I traveled the road less traveled to South Africa’s Eastern Cape as a guest to South African Tourism.

1. Elephant walk
2. Cheetah excursion
3. White lions of Inkwenkwezi Private Game reserve
4. Welcome song in Xhosa

To say the organization knows how to treat its guests will be an understatement as we were given more than just royal treatment.

The experience left me with lifetime memories and with more pride as not many tourists embark on this journey to discover the hidden gems of the Wild Coast in the Jikeleza Route.

The nine day tour took me and other travel media practitioners to a patch of paradise, Inkwenkwezi Private game reserve. We arrived in Inkwenkwezi to the beautiful sounds of jubilant Xhosa women singing welcome songs with sounds of bird species backing up their vocals.

As the sun went down behind the jungle of the magnificent hills and hillocks, we embarked on a night game drive stalking different species of antelopes, rhinos, giraffes, ostriches, zebra, warthog and squirrels. Night game drives offer a different view as the wilderness can be explored under the illumination of moonlight or the million-candle light power spotlight with an experienced guide.

After the tour I retired to my luxury meru tent after a hefty feast of South African dishes.

The next early morning was a bit chilly due to the cold front from the coast as we embarked on another game drive. Our mission was to go to the lion enclosure and view the kings of the Inkwenkwezi, pride of lions safely kept in their own space that also allowed them to roam within vast amount of their jungle. These lions are different from lions I have seen such as the Kalahari black maned lion because they are white in colour. We were cautioned to keep our hands and feet inside the vehicles by our guide who was armed with a pistol should the lions charge at us.

The short experience left me amazed not knowing that there was more to come. It is after photographing these lions that we embarked on another quad biking adventure through the reserve. What made it even more thrilling is that I am passionate about the bush.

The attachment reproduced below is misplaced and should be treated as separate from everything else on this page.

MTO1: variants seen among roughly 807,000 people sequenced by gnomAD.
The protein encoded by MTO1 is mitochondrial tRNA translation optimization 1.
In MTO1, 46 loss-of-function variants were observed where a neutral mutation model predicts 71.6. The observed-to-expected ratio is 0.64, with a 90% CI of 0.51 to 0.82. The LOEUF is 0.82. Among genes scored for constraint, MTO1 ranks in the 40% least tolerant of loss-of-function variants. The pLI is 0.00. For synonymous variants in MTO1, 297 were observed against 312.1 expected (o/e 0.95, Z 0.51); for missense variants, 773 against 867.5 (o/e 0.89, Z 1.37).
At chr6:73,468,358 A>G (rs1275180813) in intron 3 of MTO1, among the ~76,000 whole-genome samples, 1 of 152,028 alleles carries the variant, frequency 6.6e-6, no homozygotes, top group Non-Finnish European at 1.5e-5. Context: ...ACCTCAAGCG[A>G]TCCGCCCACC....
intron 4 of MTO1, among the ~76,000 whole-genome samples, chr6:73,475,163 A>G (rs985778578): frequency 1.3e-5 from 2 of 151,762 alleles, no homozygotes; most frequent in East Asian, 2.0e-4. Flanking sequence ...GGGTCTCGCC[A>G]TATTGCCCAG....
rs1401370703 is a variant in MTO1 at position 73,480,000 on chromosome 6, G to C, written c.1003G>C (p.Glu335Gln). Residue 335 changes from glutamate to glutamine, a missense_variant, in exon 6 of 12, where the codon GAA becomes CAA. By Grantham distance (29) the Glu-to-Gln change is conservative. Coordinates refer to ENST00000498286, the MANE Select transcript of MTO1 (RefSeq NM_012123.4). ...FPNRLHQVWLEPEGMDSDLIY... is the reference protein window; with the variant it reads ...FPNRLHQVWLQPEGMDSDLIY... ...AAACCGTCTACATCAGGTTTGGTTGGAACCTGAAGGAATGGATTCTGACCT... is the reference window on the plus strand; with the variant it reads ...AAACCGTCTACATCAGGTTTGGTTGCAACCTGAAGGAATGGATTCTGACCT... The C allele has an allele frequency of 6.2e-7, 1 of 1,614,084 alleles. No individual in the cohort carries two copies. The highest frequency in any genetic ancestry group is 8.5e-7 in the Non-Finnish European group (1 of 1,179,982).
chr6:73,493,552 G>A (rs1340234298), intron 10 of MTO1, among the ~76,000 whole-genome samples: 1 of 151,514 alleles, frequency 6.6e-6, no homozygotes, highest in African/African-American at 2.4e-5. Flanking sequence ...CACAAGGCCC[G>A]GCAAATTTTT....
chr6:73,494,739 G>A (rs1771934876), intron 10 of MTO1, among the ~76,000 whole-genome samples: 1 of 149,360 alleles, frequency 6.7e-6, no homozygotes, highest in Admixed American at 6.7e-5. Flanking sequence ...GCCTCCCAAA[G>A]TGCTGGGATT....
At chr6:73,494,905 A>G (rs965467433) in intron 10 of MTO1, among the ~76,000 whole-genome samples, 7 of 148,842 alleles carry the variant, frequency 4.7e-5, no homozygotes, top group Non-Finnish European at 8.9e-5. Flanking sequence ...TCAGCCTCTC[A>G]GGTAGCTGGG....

The one-hour ride came to a halt as we were told that we will be going on the next adventure, an elephant walk. Butterflies started flying in my stomach as I have been eating elephant biltong for the past couple of months. I wondered if these intelligent giants would be able to pick up a scent of one of their own from me and seek revenge.

A brief history of these mammals and assurance of our safety did not keep me at ease but within a few minutes of walking and feeding the gentle giants, I found myself loving every minute of it with sense of regret that I had eaten one of their own. I got to walk with elephants and had them eating from the palm of my hand. Words can never describe how I was feeling in the process as I felt there was a bond forming between me and indlovu as they are commonly referred to in most South African native languages.

Saying goodbye to the giants was just one of the sad moments of my escapade in the Eastern Cape.

hants and knowing that the herbivores were not dangerous, the cheetah experience did not only make my knees go weak but left my heart pounding as if it will drop on the ground.

In the back of my head I thought, they could be tamed but they still eat meat and I might be their afternoon snack. The cheetahs can actually hunt for themselves though tamed and will someday be released into the wilderness. I was again assured that cheetahs are not known to attack human beings and reluctantly made my way into their cage with a guide. The three cheetahs came around and in no time I had them next to me. They were so relaxed and I found myself patting and brushing them like domesticated dogs while they would occasionally licked my hand.

A part of me was left at Inkwenkwezi as we continued the journey along the wild coast because I had one of the best experience ever since I fell in love with travelling. Enkosi, ngiyabonga, SAT for this experience of a lifetime.

Leave a Reply

Fill in your details below or click an icon to log in:

WordPress.com Logo

You are commenting using your WordPress.com account. Log Out /  Change )

Google photo

You are commenting using your Google account. Log Out /  Change )

Twitter picture

You are commenting using your Twitter account. Log Out /  Change )

Facebook photo

You are commenting using your Facebook account. Log Out /  Change )

Connecting to %s

%d bloggers like this: